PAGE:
One way to enjoy your homegrown veggies for longer is to store them. Some of our bean varieties are particularly good for drying, and once dry they will store for years in an airtight container. Below is a little information on how to dry and store beans, and the three varieties that are best suited:
How to Dry/Store Beans
Grow the bean plants as you would any French beans, providing a support if they are a climbing variety. In summer, when pods start to form, resist the temptation of picking them. Instead, leave the pods on the plant until they start to dry out at the end of the season. Harvest them during a dry spell (i.e before they get soggy in heavy autumn showers) and dry them out in a warm, dry place before podding them to get the beans inside. You’ll know they are ready when the pods rattle and are crisp and brittle. The beans themselves need to be fully dried out too. Dig a thumbnail into the bean – if it scores, then the bean is not fully dry, so leave it a few more days on a tray in a warm, dry place. When they are rock solid, you can store them in airtight jars and keep them in a kitchen cupboard for many months on end!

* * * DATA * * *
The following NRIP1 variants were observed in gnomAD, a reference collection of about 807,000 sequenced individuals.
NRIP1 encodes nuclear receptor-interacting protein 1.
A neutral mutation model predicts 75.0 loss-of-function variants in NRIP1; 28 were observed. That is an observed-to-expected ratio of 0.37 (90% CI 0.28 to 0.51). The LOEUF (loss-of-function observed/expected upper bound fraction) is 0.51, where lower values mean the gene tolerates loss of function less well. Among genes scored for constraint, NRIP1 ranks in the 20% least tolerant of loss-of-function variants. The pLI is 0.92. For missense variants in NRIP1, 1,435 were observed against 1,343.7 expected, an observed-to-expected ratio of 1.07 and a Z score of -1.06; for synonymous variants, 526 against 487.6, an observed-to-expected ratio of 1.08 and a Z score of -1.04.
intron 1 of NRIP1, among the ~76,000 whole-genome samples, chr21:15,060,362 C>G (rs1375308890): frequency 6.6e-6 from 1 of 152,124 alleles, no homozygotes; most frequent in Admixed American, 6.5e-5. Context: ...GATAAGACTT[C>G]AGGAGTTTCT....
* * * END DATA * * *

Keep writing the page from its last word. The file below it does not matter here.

The best varieties for storing:
Yin Yang Beans
Such beautiful beans! On the plant, you wouldn’t think anything very unusual was going on, but when you open the pods to find these orca like beauties, it’s quite amazing. They are a dwarf bean, so you can plant them easily in pots, or 20cm apart in beds. Wait until the bean pods start to turn yellow towards the end of the summer.
Once you’ve stored them, you can soak them to use in stews, casseroles and soups – they retain their pattern when cooked, but not quite as vividly. They look lovely on the shelf – definitely worth putting on display!
This is a really popular bean for storing, and it’s a good one to use in stews, casseroles, soups and in dips. Try cannellini beany tahini instead of hummous! It’s not quite as heavy as the Yin Yang Bean, with a slightly lighter texture when cooked. Another dwarf variety, you can plant it 20cm apart in beds, or grow in pots.
These marbled beauties are a joy to grow. they’re a climbing bean, so you’ll need to give them a wigwam support or similar. When the pods grow in summer, they are green and flat, much like a runner bean, and can be used in the same way. However, if you leave them to mature, the pods develop bright green streaks, and eventually turn a deep purple as they start to dry out. Great for colour! Once dry, you can open the pods up for the beans which are really great in cooking, and look lovely in a jar on the shelf.